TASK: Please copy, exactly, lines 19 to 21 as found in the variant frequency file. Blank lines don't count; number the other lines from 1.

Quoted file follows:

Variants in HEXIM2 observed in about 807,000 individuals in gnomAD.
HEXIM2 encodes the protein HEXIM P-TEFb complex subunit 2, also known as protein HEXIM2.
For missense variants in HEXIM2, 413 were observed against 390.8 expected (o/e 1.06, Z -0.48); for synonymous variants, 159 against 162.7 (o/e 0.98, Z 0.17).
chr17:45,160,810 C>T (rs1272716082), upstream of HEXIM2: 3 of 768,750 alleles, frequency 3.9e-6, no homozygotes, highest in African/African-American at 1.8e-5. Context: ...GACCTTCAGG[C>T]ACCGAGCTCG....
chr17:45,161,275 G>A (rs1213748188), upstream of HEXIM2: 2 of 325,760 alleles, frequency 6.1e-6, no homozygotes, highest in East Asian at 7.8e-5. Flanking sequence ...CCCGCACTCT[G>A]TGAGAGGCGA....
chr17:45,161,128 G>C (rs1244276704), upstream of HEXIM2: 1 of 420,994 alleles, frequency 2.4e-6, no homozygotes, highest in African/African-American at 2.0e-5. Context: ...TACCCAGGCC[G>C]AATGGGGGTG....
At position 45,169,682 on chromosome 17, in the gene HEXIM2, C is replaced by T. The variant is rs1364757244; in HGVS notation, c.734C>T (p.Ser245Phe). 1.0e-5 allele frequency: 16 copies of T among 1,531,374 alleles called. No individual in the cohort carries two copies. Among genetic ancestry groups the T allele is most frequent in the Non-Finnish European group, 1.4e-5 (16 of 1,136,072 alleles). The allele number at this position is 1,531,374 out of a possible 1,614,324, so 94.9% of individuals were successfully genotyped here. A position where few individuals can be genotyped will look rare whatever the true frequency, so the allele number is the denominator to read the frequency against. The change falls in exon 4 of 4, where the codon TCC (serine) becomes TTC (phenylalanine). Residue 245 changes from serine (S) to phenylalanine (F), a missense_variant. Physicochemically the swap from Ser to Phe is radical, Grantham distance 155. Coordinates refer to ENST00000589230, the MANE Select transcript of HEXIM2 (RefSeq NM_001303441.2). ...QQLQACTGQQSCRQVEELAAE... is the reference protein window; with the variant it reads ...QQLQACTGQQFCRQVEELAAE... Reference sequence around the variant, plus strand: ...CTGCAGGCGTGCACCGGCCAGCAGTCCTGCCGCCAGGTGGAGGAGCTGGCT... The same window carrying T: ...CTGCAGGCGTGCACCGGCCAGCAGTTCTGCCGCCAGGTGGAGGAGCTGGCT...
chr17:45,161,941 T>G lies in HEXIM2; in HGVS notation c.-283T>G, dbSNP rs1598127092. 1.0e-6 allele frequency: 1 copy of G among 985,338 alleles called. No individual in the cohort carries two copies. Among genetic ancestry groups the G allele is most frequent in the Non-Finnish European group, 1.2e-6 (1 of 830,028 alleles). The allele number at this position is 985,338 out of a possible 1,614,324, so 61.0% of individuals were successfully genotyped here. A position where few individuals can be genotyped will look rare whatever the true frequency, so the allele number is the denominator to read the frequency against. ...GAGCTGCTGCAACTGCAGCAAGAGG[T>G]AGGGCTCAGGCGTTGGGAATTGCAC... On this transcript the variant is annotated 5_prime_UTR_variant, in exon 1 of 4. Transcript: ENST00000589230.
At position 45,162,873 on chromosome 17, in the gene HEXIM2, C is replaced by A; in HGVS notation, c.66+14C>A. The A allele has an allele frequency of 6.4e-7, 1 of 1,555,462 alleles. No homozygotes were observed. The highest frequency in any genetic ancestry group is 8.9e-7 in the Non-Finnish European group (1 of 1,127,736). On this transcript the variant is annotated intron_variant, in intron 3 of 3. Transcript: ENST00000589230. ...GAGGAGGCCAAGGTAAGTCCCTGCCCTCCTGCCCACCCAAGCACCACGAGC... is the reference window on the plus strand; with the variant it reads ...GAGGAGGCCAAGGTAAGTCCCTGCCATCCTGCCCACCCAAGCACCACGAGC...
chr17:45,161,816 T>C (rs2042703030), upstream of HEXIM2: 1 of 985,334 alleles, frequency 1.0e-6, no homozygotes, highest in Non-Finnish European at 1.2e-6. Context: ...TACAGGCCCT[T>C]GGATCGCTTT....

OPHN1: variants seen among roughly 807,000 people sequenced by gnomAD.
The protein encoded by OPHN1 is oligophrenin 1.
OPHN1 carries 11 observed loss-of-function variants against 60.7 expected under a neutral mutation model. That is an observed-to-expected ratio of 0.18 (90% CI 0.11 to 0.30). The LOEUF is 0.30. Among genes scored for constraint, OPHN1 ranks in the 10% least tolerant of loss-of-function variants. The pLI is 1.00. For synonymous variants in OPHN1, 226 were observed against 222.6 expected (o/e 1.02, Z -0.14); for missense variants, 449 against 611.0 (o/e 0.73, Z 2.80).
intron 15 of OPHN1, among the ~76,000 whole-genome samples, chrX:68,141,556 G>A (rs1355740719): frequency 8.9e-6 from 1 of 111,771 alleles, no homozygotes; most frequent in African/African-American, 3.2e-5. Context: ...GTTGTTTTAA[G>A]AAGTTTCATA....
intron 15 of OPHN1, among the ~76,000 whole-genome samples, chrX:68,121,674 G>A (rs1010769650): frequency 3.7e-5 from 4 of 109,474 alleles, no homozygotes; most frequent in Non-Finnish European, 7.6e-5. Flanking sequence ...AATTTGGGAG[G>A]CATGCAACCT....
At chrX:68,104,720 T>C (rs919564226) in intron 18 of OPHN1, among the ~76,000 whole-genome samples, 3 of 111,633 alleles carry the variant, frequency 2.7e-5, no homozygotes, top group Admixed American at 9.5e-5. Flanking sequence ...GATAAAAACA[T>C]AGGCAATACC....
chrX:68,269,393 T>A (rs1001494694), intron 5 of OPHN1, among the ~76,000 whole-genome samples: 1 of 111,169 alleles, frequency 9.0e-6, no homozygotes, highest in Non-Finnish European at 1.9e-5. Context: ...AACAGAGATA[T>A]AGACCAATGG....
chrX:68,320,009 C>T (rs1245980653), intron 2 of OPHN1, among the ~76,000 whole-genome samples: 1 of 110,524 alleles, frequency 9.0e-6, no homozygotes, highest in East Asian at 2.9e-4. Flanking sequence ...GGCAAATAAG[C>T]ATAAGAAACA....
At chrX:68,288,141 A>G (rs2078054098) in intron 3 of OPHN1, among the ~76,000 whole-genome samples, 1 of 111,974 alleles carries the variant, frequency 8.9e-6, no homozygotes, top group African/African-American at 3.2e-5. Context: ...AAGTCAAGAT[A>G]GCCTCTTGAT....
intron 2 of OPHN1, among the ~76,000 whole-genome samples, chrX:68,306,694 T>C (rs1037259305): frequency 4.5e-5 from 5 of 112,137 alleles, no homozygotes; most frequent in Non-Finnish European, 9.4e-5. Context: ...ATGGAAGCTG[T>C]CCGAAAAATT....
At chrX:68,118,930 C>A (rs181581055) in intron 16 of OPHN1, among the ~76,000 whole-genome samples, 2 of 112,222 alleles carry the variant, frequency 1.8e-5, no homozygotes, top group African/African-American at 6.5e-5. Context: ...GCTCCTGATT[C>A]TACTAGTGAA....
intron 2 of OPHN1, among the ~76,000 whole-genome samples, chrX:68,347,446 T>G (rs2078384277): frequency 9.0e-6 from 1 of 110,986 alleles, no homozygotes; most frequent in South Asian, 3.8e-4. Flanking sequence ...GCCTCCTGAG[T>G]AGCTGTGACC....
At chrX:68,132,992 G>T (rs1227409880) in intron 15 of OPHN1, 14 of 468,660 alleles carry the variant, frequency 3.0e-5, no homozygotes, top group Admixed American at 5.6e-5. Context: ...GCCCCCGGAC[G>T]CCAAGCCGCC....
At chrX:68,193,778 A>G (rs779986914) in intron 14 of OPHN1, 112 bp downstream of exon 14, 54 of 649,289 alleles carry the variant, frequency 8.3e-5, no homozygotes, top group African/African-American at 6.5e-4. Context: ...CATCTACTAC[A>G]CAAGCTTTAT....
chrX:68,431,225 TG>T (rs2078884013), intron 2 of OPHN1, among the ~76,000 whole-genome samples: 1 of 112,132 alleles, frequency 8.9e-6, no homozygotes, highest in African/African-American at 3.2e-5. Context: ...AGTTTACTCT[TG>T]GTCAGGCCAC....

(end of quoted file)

At chrX:68,288,141 A>G (rs2078054098) in intron 3 of OPHN1, among the ~76,000 whole-genome samples, 1 of 111,974 alleles carries the variant, frequency 8.9e-6, no homozygotes, top group African/African-American at 3.2e-5. Context: ...AAGTCAAGAT[A>G]GCCTCTTGAT....
intron 2 of OPHN1, among the ~76,000 whole-genome samples, chrX:68,306,694 T>C (rs1037259305): frequency 4.5e-5 from 5 of 112,137 alleles, no homozygotes; most frequent in Non-Finnish European, 9.4e-5. Context: ...ATGGAAGCTG[T>C]CCGAAAAATT....
At chrX:68,118,930 C>A (rs181581055) in intron 16 of OPHN1, among the ~76,000 whole-genome samples, 2 of 112,222 alleles carry the variant, frequency 1.8e-5, no homozygotes, top group African/African-American at 6.5e-5. Context: ...GCTCCTGATT[C>A]TACTAGTGAA....